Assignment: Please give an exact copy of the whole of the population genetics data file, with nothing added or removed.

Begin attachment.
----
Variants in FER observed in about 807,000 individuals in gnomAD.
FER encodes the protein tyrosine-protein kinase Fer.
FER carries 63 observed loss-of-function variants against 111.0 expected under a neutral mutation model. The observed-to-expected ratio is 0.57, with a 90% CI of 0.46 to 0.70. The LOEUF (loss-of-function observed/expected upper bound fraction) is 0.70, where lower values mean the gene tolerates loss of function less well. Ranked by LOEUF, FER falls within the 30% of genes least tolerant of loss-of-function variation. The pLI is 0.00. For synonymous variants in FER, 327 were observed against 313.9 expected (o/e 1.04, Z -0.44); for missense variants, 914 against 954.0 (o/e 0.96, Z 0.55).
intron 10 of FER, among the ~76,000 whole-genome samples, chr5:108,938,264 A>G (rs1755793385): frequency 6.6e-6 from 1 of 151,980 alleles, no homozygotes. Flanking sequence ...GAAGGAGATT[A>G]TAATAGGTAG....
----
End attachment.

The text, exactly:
Variants in FER observed in about 807,000 individuals in gnomAD.
FER encodes the protein tyrosine-protein kinase Fer.
FER carries 63 observed loss-of-function variants against 111.0 expected under a neutral mutation model. The observed-to-expected ratio is 0.57, with a 90% CI of 0.46 to 0.70. The LOEUF (loss-of-function observed/expected upper bound fraction) is 0.70, where lower values mean the gene tolerates loss of function less well. Ranked by LOEUF, FER falls within the 30% of genes least tolerant of loss-of-function variation. The pLI is 0.00. For synonymous variants in FER, 327 were observed against 313.9 expected (o/e 1.04, Z -0.44); for missense variants, 914 against 954.0 (o/e 0.96, Z 0.55).
intron 10 of FER, among the ~76,000 whole-genome samples, chr5:108,938,264 A>G (rs1755793385): frequency 6.6e-6 from 1 of 151,980 alleles, no homozygotes. Flanking sequence ...GAAGGAGATT[A>G]TAATAGGTAG....